This paper uses over two years of weekly scanner data from two small US cities to
characterize time and state dependence of grocers’ pricing decisions. In these data, the
probability of a nominal adjustment declines with the time since the last price change
even after controlling for heterogeneity across store-product cells and replacing sale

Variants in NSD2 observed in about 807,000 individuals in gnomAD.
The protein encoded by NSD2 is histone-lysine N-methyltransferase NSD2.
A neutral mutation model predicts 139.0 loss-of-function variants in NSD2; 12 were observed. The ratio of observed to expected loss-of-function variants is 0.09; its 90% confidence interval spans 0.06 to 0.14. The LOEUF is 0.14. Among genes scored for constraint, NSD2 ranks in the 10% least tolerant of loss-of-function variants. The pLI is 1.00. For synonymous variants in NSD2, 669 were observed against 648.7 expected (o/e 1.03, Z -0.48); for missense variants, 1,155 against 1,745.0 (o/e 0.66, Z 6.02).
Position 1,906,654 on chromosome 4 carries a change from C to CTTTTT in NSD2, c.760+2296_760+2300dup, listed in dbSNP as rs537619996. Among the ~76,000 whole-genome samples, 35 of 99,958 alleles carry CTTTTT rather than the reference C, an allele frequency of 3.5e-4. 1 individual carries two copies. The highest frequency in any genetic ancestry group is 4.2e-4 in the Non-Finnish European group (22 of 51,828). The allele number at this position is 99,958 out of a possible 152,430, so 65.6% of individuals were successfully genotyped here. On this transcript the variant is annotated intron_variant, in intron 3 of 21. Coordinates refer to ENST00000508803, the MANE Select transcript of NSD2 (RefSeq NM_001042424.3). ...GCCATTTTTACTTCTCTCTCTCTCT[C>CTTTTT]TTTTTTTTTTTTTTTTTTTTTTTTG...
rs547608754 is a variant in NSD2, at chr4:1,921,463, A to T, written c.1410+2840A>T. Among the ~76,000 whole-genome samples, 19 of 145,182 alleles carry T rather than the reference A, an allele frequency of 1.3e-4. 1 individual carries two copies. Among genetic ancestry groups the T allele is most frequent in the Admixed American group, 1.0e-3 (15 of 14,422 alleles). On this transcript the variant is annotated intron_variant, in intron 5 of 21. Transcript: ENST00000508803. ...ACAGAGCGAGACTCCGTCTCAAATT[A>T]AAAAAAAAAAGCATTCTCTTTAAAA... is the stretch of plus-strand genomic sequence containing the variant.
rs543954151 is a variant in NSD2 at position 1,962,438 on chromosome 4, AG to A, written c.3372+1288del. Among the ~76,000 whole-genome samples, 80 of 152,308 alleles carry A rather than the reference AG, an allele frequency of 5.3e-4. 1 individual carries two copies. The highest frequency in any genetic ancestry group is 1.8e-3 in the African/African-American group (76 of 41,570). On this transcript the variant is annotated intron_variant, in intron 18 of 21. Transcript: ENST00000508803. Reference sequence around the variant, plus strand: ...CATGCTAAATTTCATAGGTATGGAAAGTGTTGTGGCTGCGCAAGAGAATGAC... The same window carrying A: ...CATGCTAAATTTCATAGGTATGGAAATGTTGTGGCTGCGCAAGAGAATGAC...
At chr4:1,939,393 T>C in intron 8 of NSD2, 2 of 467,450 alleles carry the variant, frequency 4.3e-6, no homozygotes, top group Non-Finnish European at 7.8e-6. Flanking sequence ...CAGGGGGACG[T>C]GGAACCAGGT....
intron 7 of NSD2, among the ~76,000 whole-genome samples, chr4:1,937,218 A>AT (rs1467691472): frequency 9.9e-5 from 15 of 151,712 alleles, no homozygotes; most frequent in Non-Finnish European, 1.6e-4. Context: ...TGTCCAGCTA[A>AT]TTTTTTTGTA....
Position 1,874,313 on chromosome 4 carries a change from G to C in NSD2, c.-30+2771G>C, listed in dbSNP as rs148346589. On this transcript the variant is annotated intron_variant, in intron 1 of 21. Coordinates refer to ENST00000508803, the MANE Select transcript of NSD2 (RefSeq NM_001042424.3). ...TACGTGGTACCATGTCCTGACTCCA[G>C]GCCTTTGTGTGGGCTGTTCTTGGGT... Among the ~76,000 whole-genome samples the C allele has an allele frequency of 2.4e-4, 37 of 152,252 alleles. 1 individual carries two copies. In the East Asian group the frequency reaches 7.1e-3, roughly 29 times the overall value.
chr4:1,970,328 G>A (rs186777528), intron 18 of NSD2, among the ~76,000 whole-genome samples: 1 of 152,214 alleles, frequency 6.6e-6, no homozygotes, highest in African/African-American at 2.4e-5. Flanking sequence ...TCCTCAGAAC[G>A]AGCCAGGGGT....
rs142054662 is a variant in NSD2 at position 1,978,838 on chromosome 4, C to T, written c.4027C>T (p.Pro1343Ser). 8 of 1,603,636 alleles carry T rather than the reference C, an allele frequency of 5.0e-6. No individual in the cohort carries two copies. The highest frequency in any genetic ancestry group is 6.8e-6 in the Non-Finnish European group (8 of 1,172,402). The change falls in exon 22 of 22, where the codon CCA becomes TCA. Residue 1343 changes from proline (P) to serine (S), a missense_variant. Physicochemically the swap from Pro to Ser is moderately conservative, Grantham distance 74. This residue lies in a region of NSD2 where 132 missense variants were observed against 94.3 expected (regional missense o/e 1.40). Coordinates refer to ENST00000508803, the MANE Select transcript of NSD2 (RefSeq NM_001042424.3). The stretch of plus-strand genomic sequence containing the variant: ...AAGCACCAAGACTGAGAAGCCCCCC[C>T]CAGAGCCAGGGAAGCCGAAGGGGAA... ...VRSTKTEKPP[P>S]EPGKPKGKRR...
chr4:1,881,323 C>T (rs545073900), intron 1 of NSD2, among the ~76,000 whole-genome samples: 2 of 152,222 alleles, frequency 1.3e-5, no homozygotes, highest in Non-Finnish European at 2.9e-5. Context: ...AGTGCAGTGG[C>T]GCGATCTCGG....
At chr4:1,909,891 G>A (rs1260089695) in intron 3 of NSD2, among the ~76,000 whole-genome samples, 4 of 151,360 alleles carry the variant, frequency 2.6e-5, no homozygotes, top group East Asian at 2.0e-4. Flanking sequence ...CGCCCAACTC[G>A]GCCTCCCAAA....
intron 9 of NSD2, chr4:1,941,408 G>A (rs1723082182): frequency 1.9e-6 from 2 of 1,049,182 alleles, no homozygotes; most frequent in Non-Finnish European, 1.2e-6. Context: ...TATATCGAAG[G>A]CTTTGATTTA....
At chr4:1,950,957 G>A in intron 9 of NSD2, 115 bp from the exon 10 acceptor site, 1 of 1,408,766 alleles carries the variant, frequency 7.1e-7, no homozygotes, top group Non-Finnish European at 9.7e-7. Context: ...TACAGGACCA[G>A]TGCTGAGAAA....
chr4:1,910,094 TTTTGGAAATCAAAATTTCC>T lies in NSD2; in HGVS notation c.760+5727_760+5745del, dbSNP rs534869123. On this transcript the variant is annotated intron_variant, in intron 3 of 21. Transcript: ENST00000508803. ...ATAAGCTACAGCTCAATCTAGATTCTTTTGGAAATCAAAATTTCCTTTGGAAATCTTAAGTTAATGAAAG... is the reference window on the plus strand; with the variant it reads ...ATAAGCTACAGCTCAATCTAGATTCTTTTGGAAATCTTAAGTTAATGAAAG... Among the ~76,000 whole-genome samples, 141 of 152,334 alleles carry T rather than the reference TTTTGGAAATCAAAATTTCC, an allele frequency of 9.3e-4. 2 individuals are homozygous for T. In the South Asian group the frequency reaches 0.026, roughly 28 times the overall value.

prices with regular prices. We also detect state dependence: The probability of a nominal
adjustment is highest when a store’s price substantially differs from the average of
other stores’ prices. However, extreme prices typically reflect the selling store’s recent
nominal adjustments rather than changes in other stores’ prices.